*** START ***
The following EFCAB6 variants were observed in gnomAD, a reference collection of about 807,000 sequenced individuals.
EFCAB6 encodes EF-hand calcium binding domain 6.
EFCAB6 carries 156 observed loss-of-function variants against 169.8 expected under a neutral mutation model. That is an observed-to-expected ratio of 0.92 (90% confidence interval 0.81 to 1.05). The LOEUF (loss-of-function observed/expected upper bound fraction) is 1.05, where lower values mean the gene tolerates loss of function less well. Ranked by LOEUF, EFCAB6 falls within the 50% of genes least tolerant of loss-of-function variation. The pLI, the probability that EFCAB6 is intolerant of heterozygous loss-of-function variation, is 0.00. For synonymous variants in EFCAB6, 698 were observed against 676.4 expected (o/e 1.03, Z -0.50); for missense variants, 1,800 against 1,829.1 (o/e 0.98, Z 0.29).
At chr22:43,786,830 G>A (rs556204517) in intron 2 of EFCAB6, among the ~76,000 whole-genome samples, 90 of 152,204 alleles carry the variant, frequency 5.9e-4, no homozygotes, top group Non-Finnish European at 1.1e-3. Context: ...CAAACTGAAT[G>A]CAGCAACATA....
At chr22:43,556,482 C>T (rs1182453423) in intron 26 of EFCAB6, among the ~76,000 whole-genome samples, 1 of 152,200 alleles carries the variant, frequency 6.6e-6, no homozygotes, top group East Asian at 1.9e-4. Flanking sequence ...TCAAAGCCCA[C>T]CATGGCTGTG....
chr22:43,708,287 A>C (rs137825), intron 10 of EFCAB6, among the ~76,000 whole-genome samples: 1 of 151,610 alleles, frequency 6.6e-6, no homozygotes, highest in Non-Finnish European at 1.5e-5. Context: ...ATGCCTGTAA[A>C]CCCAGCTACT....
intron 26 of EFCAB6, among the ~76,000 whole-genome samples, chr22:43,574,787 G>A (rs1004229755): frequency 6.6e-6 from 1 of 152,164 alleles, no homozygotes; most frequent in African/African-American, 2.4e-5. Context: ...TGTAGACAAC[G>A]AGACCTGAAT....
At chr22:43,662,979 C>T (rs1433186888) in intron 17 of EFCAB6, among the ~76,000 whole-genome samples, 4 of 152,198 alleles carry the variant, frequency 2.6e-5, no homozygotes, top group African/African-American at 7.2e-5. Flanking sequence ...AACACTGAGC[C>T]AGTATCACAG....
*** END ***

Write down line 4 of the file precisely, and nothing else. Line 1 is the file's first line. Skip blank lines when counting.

At chr22:43,786,830 G>A (rs556204517) in intron 2 of EFCAB6, among the ~76,000 whole-genome samples, 90 of 152,204 alleles carry the variant, frequency 5.9e-4, no homozygotes, top group Non-Finnish European at 1.1e-3. Context: ...CAAACTGAAT[G>A]CAGCAACATA....